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What are reasonable adjustments, and how to ask for them

Workers with disabilities or health conditions are legally entitled to reasonable adjustments under the Equality Act 2010 - here's how to speak to your employer about them

Being diagnosed with a neurological condition often means so much more than a change in your health. You may feel you can no longer work in the ways you used to, or worry about workplace discrimination

In this guest article, The Brain Charity’s Employment Law and Welfare Officer Aneeta Bibi shares how to ask your employer for reasonable adjustments. 

What are reasonable adjustments?

A ‘reasonable adjustment’ is a change that must be made to remove or reduce a disadvantage related to:

  • An employee’s disability when doing their job
  • A job applicant’s disability when applying for a job

Reasonable adjustments must be effective, practical, and significant. A reasonable adjustment could involve making changes to:

  • The workplace
  • Equipment or services provided, for example an appropriate keyboard for someone with arthritis
  • The ways things are done
  • An individual’s working pattern

The law behind disability and reasonable adjustments

You are considered disabled under the Equality Act 2010 if you have a physical or mental impairment that has a ‘substantial’ and ‘long-term’ negative effect on your ability to do normal daily activities.

Under the Equality Act 2010, there is a legal duty on employers to make reasonable adjustments for disabled employees. The Act recognises that solutions may vary according to individual circumstances.

When should I disclose my disability?

Disclosing a disability to a current or potential employer can be a stressful but necessary step. The fear of discrimination, unconscious bias and other negative consequences leads many to withhold information about their physical or mental health from others.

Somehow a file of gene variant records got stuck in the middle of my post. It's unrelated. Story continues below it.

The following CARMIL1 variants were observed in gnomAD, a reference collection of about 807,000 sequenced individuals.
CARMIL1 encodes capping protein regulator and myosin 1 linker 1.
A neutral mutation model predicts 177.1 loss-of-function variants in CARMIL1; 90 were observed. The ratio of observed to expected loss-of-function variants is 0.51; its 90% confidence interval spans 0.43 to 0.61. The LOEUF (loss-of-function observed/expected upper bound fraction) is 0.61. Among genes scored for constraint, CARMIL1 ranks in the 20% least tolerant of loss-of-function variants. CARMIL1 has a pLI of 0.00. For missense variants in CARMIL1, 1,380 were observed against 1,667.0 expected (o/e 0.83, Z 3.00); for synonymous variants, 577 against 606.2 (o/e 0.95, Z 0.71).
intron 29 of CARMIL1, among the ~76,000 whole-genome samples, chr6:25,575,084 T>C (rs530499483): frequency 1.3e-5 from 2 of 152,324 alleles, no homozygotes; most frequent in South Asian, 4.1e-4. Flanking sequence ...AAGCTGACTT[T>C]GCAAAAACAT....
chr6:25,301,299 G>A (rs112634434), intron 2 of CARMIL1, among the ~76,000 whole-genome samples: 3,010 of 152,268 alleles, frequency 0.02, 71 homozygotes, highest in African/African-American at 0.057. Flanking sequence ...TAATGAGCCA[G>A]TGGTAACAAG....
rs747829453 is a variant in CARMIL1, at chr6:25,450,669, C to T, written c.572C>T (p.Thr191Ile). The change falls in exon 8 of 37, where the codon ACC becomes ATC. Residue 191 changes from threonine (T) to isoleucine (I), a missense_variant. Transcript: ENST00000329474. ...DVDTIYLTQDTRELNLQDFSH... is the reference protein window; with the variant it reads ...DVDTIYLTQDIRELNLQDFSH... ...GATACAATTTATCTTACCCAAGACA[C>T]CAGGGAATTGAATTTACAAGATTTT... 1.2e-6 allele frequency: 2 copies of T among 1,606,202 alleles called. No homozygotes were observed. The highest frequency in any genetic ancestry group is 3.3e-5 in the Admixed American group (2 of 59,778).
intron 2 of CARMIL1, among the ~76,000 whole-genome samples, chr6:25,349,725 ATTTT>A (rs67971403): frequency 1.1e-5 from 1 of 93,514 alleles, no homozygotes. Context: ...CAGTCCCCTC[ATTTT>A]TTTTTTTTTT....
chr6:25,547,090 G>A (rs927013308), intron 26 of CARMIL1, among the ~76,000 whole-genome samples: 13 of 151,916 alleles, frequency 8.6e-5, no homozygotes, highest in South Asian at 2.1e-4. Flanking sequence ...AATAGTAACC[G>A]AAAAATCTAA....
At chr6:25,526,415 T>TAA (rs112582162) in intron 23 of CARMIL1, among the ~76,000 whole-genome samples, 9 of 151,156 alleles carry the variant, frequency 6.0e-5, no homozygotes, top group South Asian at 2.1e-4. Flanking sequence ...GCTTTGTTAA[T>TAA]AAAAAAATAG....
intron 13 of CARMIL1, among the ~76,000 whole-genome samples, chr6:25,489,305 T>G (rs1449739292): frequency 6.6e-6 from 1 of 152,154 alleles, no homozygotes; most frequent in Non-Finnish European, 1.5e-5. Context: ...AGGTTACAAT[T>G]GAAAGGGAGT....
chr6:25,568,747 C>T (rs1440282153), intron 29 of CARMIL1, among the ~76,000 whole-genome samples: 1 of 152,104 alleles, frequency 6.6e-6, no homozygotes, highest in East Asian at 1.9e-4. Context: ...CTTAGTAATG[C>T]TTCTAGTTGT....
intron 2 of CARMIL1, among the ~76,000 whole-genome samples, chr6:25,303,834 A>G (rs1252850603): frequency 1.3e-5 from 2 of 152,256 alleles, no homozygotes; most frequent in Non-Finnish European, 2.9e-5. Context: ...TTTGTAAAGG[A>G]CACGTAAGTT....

However, telling an employer about a disability — be it visible, like cerebral palsy, or invisible, like chronic migraine — may be necessary to receive adequate accommodations to perform your job.

Close up of hand holding a pen and signing a document

Disclosing in a cover letter is the most common way, but you may need to disclose before an interview or assessment for adjustments to be made. It is important your employer knows about your disability before requesting reasonable adjustments.

How can I request reasonable adjustments?

An employee who needs a reasonable adjustment should talk with their manager or employer. It’s a good idea to meet, so:

  • The employee can explain their situation
  • The employer can understand how they can help
  • They can discuss and agree on possible adjustments together

It’s important to then put anything agreed in writing.

The role of Occupational Health

People often know exactly what support they need or how to remove a particular barrier. If additional advice, guidance, or support is needed, Occupational Health can provide expert advice on reasonable adjustments and workplace accommodations.

Who pays for reasonable adjustments?

The employer is responsible for paying for any reasonable adjustments. Costs can vary and can be dependent upon the size of the organisation.

There is money available that may help fund reasonable adjustments, such as an Access to Work grant, which is money for practical support to help someone do their job. This can pay for things like:

  • An expert assessment
  • Specialist equipment
  • Travel when public transport cannot be used
  • A support worker

What happens if my employer fails to provide reasonable adjustments?

An employer’s failure to make reasonable adjustments for a worker or applicant with a disability will fall under discrimination under the 2010 Equality Act.

In most cases, you can make an informal complaint or raise a formal grievance about the employer. However, in some cases, an employer could also find themselves facing a claim for unlawful discrimination before an employment tribunal.

Support from The Brain Charity

The Brain Charity’s employment team can also offer additional support when requesting reasonable adjustments. This is in the form of a letter which describes your disability alongside the adjustments you would need.

This is backed by medical reports and occupational health recommendations. If an employer is not cooperating, we can write a letter to support your request and explain the law behind providing adjustments.

If you have any questions or concerns regarding reasonable adjustments, please contact The Brain Charity’s employment team on

Categories: Advice, Employment, Guest blogs

Published: 27 December 2022